Discordance

Readings for September 8, 2019

Wisdom 9:13-18
Psalm 90
Philemon 9-10, 12-17
Luke 14:25-33

www.usccb.org/bible/readings/

No, Jesus is not refuting or re-writing the Fourth Commandment to honor your father and mother when he says, “If anyone comes to me without hating his father and mother … he cannot be my disciple.” In the context of the time and language of the Bible, “hate” means to lessen the importance of something. Jesus, then, is actually following the precedence of honor set in the Ten Commandments, the first three about honoring God, the fourth exclusively to honor your father and mother, and the following five honoring neighbor. God is first, then mother and father, then neighbor. (Importantly, note that there is no honoring of any possessions in the Commandments.)

Luke’s Gospel is not the first instance this admittedly harsh instruction is found in the Bible. Jesus’ words appear to mirror the Old Testament words of the prophet Micah 7:5-6:
“Put no trust in a neighbor; have no confidence in a friend; guard the doors of your mouth from her who lies in your arms; for the son treats the father with contempt, the daughter rises up against her mother, the daughter-in-law against her mother-in-law; a man’s enemies are the men of his own house.”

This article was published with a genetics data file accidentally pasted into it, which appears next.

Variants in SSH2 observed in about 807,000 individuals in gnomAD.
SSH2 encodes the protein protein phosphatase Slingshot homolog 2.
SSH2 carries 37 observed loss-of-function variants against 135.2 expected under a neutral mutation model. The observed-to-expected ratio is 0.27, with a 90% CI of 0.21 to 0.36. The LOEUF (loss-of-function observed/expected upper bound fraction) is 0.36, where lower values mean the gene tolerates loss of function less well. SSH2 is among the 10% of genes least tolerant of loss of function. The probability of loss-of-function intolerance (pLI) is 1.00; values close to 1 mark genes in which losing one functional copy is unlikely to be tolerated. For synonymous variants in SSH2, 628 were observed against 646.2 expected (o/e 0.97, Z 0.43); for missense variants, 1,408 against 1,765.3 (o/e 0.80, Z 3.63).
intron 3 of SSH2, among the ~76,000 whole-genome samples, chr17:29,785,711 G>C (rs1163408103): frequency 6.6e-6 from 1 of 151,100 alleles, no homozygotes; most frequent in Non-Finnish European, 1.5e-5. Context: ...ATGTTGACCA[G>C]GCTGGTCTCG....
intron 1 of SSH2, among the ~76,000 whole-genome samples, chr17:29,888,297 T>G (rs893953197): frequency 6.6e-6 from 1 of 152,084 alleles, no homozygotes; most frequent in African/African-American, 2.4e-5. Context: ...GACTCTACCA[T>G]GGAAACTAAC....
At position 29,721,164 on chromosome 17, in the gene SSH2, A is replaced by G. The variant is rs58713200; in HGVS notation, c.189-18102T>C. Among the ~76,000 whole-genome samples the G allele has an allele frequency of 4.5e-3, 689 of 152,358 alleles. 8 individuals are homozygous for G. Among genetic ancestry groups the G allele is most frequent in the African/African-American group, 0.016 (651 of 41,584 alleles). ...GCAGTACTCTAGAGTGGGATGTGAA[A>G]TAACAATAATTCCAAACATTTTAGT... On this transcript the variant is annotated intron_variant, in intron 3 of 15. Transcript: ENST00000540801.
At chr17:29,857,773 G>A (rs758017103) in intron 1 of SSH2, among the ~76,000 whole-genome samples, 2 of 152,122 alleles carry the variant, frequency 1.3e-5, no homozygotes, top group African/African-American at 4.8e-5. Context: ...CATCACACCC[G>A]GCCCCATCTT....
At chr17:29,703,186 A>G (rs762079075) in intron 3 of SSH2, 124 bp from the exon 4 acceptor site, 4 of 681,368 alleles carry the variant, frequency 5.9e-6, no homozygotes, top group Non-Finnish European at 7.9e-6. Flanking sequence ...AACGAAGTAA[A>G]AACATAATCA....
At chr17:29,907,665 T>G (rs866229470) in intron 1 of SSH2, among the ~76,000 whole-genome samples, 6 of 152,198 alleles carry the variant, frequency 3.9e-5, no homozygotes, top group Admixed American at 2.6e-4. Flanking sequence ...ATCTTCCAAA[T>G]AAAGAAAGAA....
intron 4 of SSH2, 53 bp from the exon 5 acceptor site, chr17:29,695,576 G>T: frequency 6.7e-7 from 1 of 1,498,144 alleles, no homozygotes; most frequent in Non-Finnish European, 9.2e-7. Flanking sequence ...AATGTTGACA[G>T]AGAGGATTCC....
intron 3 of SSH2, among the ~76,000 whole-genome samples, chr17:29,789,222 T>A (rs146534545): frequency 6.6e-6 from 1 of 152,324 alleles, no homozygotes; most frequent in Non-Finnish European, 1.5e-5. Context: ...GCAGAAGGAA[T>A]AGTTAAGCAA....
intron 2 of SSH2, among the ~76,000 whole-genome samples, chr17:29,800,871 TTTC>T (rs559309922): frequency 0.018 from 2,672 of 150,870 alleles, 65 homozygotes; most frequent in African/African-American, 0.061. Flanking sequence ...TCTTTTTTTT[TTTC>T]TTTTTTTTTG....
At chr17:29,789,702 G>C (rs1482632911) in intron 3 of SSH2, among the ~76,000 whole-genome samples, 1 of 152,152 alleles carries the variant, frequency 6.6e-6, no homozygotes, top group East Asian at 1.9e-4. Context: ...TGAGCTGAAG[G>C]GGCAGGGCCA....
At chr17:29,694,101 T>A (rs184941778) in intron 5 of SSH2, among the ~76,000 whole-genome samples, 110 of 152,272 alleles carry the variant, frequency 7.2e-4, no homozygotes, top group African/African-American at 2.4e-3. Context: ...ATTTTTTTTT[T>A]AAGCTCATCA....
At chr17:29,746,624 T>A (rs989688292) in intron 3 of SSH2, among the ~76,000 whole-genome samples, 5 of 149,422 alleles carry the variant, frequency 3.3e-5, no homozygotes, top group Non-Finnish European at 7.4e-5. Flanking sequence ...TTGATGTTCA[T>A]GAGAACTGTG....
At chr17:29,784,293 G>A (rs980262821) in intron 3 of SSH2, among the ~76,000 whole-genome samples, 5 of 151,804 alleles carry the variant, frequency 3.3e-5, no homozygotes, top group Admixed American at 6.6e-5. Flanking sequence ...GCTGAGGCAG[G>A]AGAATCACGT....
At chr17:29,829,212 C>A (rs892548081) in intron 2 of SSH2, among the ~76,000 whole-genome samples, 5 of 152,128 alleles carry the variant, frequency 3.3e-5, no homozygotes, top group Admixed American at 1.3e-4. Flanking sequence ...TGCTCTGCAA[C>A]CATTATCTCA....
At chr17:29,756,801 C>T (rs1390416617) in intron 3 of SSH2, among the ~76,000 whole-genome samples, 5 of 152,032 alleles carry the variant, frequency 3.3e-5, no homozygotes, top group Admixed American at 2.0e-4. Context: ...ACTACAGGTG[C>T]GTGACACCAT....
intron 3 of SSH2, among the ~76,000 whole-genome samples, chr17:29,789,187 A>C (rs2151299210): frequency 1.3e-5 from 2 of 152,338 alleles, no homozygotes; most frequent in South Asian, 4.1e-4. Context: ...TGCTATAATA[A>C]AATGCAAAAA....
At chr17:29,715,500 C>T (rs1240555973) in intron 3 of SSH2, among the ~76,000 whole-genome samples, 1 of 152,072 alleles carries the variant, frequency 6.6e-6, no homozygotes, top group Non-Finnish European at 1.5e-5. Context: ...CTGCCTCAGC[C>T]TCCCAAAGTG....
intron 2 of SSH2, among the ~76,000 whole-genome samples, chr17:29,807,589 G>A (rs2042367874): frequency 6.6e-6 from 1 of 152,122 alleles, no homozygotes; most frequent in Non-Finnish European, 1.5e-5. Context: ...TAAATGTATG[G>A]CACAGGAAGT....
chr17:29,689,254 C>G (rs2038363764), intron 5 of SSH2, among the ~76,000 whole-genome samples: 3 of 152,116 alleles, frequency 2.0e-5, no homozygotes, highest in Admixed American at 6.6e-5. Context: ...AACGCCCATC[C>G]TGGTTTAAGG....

Jesus knew that these teachings were not easy, and would not be universally accepted. Renouncing our possessions, lessening the importance of family and friends to place God first in all we do is difficult and not in harmony to how most live our lives in this world. We buy insurance for our things (which, as noted, failed to be mentioned on the priority list), call mom and dad once a week (ok, maybe), and wave to our neighbors as we pull in and out of the driveway. And then, when we can, if there’s time, we try our best to get to church and set aside time for prayer. We’re busy.

But Jesus doesn’t want only our spare time. He wants our all. God wants us to make Him our top priority. And, frankly, a difficult teaching to a busy and distracted audience often requires some attention grabbing language. In music they call this discordance, which is when the music strikes a jarringly harsh tone, lacking harmony. Composers use discordance in their compositions to wake the audience up, to capture attention, or to stir emotion.  

Micah prophesied that the coming of the Messiah would be a time of discord. Jesus’ teaching is purposefully harsh and meant to stir us and awaken our faith so that we remember to pay attention to His masterpiece. The only true harmony is found in God’s Kingdom, God must be our number one priority, and Jesus has come to show the path to God through himself as the Messiah. 

O God, graciously grant that I may do fitting homage to Your Divine Majesty and that I may be faithfully united in mind and heart. May my words, actions, and priorities be in harmony with Your will. Through Christ our Lord. Amen

3 thoughts on “Discordance

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